Nonfiction

RECENT REVIEWS

Hidden Histories

Hidden Histories

THE RENEWED INTEREST in psychogeography over the last 15 years arguably has London as its main focus, and it’s easy to see why. The best-known practitioners of contemporary psychogeography (most not...

The Era of the Geographically Confused

The Era of the Geographically Confused

MY LIFE IS FUNDAMENTALLY ABSURD: this is a line that engraved itself on my mind after reading Jane Jeong Trenka’s 2005 memoir, The Language of Blood, some years ago. The book documents Trenka’s ex...

The One and Only Geoff Dyer

The One and Only Geoff Dyer

BEFORE HE ESTABLISHED a reputation as a ceaseless dissolver of genre boundaries, and a casual expert on everything from WWI to photography to jazz, British writer Geoff Dyer pursued a much more conv...

A Secondary Art: The Letters of Malcolm Cowley

A Secondary Art: The Letters of Malcolm Cowley

The following is a feature article from the newly released LARB Quarterly Journal: Spring 2014 edition. To pick up your copy of the Journal, become a member of the Los Angeles Review of Books at the $...

A Writer at Sea

A Writer at Sea

ASKED BY THE WRITER and cultural critic Alain de Botton where he might want to be a writer in residence, Geoff Dyer, an author who has published books on subjects as diverse as jazz, photography, the...

But What’s Underneath?

But What’s Underneath?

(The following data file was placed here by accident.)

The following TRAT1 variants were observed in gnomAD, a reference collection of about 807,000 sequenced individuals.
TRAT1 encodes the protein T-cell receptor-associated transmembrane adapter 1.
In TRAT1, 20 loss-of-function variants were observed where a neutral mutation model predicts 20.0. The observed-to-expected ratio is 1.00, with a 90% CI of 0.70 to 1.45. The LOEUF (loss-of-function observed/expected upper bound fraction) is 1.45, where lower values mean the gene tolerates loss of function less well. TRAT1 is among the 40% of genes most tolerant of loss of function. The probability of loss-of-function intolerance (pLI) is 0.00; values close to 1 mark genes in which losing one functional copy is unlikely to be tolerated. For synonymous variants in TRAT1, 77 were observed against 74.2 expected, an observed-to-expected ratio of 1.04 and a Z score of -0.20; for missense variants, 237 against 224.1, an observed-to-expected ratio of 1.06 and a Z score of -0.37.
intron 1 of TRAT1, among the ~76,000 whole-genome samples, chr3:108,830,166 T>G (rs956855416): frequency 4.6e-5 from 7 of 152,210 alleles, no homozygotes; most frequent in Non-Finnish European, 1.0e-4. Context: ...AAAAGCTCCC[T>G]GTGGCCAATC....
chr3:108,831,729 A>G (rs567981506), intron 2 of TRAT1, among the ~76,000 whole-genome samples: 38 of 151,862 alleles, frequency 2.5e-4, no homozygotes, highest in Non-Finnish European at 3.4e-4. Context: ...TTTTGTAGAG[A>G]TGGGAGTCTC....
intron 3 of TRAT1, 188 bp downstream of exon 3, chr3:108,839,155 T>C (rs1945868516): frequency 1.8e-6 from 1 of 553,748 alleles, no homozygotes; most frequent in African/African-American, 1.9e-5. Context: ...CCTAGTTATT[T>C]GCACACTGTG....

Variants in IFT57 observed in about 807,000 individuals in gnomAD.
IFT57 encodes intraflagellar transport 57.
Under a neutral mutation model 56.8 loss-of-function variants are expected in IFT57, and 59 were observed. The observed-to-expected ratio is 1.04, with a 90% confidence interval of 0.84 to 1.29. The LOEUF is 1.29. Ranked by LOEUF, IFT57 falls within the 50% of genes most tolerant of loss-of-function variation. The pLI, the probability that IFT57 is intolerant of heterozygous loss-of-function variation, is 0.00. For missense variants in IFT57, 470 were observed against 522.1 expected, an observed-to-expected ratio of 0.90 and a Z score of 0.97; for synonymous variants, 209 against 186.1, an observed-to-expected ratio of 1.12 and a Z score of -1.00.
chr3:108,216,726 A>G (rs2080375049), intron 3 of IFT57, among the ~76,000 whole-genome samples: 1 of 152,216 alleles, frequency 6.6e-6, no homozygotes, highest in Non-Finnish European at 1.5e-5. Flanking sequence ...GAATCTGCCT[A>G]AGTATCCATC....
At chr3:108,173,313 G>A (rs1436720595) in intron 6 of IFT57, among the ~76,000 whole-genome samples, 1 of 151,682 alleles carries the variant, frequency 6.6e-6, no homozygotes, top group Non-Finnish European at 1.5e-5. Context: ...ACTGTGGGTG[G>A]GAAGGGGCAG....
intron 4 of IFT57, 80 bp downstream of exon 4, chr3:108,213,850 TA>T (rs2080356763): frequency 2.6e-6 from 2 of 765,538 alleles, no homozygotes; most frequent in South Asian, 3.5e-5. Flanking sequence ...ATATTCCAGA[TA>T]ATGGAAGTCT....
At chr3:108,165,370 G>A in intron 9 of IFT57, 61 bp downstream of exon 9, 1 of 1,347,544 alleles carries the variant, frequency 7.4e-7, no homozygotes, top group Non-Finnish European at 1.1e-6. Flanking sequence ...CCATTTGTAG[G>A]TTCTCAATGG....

We met when we were almost youngDeep in the green lilac park.You held on to me like I was a crucifixas we went kneeling through the dark.           — Leonard Cohen   IF A CRITIC is ...

Let Me Remind You

Let Me Remind You

“HAVE YOU read Salinger? Very likely you have,” Joanna Rakoff writes toward the end of her memoir My Salinger Year. Everyone has read Salinger — except for Rakoff, who picked up his books for th...

How to Be a Mother

How to Be a Mother

BY SPRING of my internship year I was exhausted, I’d gained 10 pounds, and my periods had stopped. I assumed that months of 36-hour hospital shifts fueled by coffee and vending machine candy had fin...

Capital Comes Knocking at the Schoolhouse Door

Capital Comes Knocking at the Schoolhouse Door

THERE ARE CURRENTLY about 50 million K-12 public school students and another five million in private school in the United States. With so many students — covering such a vast geographical, social, e...

The Third Korea

The Third Korea

WE ARE NOW entering the third era of miscomprehending North Korea. For 50 years, until Kim Il Sung’s death in 1994, we were stymied by his “self-reliance” (juche) republic. Then, until Kim Jong ...

An Invisible Man, A Visible Voice

An Invisible Man, A Visible Voice

A MAN CALLED DESTRUCTION records the life of pop idol-turned-cult hero Alex Chilton. “In titling his 1995 album A Man Called Destruction — his last solo release filled with mostly his own songs ...

A Spoonful of Soil

A Spoonful of Soil

ONE BRIGHT MORNING last July, on a small farm not far from the celebrated coast of Downeast Maine, I was bent over a whiny, whirring cement mixer the size of a small bear. The farmer, Amanda, instruct...